I liked Freddie Mitchell for his ability to make TO seem normal by comparison.

  39. 39 D3Keith said at 11:01 AM on March 9th, 2012:

    T.O. or FredEx he’s not, but if you follow DeSean on Twitter, for instance, you know he’s not exactly Larry Fitzgerald either. And I mean as model citizen/teammate.

    I don’t think you can really pigeonhole DeSean. On one hand you have a guy whose Dad was a big influence, who worked out with Jerry Rice, who helped out the kid who got bullied. On the other hand you have the dude who got suspended for the Arizona game, had his picture taken with a stripper who tweeted it, and the showboat. So he’s no criminal, but neither was T.O.

    I’m a DeSean fan, but I’d be lying if I said I didn’t want to see him grow up and handle himself like a true pro. Since he’s just 25, I’ll afford him some more mistakes, but when you’re talking future of the franchise money, I need to see future of the franchise attitude. I like the way Vick carries himself now, as opposed to his younger days, for instance.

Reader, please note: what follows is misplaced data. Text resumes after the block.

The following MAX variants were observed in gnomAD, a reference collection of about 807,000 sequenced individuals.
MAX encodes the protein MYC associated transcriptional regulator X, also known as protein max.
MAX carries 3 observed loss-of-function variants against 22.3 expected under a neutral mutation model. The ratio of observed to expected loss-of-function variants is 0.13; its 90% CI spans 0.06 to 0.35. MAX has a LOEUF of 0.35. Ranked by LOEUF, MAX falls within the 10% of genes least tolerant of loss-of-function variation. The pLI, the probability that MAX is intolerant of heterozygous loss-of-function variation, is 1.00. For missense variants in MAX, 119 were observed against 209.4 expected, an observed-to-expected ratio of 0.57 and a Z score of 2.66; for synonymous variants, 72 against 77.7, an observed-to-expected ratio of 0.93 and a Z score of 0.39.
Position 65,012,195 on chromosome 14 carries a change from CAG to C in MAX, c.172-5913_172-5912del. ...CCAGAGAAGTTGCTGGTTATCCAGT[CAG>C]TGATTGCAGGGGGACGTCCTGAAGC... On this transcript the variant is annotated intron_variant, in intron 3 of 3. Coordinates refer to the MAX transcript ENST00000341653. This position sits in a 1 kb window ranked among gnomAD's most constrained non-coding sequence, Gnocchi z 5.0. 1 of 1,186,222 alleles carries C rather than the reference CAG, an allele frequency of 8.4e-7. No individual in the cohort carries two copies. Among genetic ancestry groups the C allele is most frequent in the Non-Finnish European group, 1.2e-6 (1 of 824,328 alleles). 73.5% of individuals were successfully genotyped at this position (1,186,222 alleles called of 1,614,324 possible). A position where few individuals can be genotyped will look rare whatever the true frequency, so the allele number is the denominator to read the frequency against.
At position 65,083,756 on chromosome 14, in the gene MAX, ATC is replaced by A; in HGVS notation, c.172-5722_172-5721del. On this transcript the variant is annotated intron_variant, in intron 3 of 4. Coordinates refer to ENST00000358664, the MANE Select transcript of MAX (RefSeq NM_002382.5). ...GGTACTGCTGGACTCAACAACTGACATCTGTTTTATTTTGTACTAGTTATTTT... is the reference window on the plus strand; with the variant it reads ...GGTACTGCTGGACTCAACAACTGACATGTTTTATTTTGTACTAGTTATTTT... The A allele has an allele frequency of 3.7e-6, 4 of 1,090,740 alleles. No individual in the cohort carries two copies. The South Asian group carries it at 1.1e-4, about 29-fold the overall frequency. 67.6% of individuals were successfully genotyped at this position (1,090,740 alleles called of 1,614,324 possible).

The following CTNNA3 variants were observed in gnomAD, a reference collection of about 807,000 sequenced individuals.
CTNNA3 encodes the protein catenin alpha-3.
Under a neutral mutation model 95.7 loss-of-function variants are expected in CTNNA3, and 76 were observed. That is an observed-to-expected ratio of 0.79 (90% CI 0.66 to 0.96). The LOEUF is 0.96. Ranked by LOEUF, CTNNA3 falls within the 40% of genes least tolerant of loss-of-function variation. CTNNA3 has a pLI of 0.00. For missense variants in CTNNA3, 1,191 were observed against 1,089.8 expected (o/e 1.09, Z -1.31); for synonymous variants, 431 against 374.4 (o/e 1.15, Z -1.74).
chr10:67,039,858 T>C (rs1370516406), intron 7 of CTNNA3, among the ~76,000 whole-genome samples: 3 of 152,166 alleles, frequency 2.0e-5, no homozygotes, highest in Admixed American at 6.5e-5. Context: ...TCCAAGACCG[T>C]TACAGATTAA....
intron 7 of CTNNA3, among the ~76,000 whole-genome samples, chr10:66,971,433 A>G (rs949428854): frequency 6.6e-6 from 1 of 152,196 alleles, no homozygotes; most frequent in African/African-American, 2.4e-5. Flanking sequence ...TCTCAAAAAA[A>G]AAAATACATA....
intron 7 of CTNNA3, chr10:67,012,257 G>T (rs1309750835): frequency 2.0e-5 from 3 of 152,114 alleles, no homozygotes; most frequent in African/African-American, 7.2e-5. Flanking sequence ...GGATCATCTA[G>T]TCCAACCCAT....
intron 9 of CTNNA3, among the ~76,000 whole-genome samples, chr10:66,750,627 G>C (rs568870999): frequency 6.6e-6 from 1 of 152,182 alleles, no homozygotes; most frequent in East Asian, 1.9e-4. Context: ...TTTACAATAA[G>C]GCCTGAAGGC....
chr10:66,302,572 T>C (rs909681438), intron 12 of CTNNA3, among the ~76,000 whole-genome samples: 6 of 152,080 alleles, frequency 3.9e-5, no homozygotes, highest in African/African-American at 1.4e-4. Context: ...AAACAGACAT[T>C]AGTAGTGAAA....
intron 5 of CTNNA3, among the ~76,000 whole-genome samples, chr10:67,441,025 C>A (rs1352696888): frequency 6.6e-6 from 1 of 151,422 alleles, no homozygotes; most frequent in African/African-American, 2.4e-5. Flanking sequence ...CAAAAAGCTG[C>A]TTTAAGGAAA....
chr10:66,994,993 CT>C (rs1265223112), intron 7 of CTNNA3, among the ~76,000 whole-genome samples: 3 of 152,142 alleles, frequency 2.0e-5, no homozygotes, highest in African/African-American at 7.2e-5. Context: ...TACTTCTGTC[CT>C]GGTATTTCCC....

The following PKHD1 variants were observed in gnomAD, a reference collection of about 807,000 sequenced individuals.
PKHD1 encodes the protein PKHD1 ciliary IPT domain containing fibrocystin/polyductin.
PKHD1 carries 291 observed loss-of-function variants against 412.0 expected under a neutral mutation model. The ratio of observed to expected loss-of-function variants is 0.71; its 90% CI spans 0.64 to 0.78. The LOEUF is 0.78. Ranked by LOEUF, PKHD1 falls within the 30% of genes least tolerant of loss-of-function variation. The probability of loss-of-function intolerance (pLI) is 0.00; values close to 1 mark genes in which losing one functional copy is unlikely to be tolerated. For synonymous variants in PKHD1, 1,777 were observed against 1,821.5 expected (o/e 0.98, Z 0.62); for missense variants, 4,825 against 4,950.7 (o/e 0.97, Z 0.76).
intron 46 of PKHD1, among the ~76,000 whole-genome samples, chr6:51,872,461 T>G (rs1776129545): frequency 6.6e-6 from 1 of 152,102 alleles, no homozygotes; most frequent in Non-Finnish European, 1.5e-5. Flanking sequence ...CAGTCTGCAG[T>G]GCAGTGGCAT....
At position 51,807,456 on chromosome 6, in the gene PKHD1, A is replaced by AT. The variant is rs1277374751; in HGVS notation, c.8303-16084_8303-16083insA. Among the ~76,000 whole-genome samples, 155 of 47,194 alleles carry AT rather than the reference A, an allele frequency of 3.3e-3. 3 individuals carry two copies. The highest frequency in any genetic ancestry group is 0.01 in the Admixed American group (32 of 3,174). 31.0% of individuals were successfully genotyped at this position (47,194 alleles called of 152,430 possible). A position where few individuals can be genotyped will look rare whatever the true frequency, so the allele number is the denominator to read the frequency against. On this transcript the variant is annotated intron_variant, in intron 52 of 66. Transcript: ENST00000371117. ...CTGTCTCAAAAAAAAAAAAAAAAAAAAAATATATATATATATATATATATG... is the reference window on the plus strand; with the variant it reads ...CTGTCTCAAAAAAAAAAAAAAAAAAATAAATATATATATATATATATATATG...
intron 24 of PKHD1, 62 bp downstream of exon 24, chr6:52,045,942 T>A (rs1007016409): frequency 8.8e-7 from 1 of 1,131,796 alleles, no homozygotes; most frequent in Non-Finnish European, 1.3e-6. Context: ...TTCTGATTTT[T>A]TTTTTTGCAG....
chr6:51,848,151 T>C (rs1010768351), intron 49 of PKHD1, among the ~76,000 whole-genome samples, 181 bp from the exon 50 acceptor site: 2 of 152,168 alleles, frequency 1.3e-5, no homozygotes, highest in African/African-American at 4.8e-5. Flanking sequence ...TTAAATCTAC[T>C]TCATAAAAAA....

As for Jackson/Riley/Smith and the contract stuff, that’s disingenous at best. It’s not like the Eagles sat all three of them at a table to sign deals at the same time and said here DeSean, we’ll pay you the least. NFL deals come up in cycles and everybody knows the big paydays are when you get closer to free agency.

    Jackson’s original deal was 4 years, 3 mil. Cooper’s was 4 years, 1.96 mil. So if you’re just looking at Year 4 of Jackson and Year 2 of Cooper, that’s not really a legit comparison. And Smith got what, $2mil/year as a free agent?